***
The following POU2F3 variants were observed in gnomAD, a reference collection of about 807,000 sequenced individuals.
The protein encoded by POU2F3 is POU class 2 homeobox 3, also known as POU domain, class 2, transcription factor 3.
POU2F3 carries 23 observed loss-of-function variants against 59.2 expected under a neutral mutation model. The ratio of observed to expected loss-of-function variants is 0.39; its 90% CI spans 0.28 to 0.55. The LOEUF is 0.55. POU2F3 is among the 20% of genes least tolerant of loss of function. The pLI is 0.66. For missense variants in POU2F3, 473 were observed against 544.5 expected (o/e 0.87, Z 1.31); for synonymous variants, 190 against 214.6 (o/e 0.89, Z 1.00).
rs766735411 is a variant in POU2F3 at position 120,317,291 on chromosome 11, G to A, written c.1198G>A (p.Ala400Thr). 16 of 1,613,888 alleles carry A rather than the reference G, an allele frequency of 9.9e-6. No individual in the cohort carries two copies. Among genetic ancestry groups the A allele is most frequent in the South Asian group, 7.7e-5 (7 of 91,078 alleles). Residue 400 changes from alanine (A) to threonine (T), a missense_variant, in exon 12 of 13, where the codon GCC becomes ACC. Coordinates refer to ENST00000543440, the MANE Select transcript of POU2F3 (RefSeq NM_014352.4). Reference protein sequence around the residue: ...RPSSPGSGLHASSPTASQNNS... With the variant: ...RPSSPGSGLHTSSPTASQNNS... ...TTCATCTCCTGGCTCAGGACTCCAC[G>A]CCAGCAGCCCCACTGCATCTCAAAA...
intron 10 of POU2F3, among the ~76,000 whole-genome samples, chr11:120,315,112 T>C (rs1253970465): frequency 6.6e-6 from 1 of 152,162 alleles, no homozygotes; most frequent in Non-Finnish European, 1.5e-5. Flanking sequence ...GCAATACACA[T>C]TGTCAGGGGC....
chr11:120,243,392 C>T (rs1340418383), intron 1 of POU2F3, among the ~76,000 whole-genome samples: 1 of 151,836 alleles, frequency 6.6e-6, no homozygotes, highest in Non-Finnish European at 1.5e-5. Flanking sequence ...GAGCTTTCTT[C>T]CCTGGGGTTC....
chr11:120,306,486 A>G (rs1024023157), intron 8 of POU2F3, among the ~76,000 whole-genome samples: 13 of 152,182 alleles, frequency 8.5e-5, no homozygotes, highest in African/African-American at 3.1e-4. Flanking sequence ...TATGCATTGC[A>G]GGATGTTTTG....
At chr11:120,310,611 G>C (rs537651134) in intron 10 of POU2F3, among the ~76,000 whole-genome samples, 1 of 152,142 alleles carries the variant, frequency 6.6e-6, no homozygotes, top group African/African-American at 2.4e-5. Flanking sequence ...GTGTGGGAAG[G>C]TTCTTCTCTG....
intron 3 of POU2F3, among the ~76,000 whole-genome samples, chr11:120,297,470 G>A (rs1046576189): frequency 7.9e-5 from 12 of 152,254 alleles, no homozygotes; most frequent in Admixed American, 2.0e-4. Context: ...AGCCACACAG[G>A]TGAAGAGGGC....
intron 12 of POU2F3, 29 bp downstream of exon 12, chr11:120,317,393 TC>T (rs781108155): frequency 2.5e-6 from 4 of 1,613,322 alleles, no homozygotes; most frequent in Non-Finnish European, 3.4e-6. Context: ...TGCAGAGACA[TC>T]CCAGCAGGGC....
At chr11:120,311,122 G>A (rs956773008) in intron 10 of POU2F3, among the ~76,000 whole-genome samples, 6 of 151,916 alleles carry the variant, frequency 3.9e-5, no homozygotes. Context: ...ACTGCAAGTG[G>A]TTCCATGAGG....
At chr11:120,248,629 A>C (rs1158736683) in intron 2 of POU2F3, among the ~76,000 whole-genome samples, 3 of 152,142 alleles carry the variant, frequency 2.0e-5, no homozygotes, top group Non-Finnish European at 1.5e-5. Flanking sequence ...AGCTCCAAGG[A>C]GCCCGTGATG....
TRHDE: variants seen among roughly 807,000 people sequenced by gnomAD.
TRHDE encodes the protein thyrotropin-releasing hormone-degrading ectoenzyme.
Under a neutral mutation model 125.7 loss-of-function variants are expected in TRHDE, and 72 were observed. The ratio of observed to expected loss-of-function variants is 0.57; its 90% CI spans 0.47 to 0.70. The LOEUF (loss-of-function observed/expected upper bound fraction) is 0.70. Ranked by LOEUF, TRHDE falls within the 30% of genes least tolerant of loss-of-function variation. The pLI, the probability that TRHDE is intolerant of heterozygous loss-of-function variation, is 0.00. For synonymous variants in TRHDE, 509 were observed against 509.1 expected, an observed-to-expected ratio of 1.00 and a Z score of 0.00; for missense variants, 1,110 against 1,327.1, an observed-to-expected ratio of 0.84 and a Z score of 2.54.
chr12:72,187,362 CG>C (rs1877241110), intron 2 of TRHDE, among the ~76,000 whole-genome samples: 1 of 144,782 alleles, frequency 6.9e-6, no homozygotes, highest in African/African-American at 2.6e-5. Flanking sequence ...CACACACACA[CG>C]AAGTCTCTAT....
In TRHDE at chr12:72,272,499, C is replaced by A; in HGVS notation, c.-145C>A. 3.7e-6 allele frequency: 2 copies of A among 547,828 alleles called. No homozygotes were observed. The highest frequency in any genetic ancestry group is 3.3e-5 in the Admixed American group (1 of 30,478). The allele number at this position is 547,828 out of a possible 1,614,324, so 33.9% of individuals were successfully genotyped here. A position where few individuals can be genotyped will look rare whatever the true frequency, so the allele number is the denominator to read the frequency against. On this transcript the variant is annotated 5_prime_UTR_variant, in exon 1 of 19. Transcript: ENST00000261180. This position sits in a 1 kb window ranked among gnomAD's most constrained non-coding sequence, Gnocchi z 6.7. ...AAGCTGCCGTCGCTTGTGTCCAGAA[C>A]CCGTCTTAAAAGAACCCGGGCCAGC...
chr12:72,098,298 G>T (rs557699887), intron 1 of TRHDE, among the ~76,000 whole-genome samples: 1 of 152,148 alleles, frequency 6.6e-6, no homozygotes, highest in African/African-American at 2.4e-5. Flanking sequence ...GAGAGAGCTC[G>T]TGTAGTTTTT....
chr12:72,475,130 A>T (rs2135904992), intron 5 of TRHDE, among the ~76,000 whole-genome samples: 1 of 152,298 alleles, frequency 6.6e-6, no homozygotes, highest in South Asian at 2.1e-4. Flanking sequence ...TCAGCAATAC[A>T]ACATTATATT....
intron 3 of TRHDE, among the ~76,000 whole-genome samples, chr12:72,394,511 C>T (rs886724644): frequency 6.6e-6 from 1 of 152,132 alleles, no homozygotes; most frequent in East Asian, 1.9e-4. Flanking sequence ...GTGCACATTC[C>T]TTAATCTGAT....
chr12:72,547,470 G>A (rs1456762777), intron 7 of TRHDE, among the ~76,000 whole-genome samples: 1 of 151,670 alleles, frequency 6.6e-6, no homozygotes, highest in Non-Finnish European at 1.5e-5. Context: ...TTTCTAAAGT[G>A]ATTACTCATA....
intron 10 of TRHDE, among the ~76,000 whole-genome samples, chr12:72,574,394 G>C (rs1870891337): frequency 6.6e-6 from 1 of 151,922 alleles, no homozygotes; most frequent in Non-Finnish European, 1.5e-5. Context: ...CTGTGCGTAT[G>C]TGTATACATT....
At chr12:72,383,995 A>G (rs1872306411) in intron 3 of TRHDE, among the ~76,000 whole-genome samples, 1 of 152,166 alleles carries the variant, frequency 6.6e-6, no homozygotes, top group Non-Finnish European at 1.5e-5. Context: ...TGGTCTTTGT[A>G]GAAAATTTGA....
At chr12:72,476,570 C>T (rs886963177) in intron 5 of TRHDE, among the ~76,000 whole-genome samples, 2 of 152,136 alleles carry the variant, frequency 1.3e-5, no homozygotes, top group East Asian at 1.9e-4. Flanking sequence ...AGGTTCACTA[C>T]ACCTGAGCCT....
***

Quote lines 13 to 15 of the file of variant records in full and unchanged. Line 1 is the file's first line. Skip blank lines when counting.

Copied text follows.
TRHDE: variants seen among roughly 807,000 people sequenced by gnomAD.
TRHDE encodes the protein thyrotropin-releasing hormone-degrading ectoenzyme.
Under a neutral mutation model 125.7 loss-of-function variants are expected in TRHDE, and 72 were observed. The ratio of observed to expected loss-of-function variants is 0.57; its 90% CI spans 0.47 to 0.70. The LOEUF (loss-of-function observed/expected upper bound fraction) is 0.70. Ranked by LOEUF, TRHDE falls within the 30% of genes least tolerant of loss-of-function variation. The pLI, the probability that TRHDE is intolerant of heterozygous loss-of-function variation, is 0.00. For synonymous variants in TRHDE, 509 were observed against 509.1 expected, an observed-to-expected ratio of 1.00 and a Z score of 0.00; for missense variants, 1,110 against 1,327.1, an observed-to-expected ratio of 0.84 and a Z score of 2.54.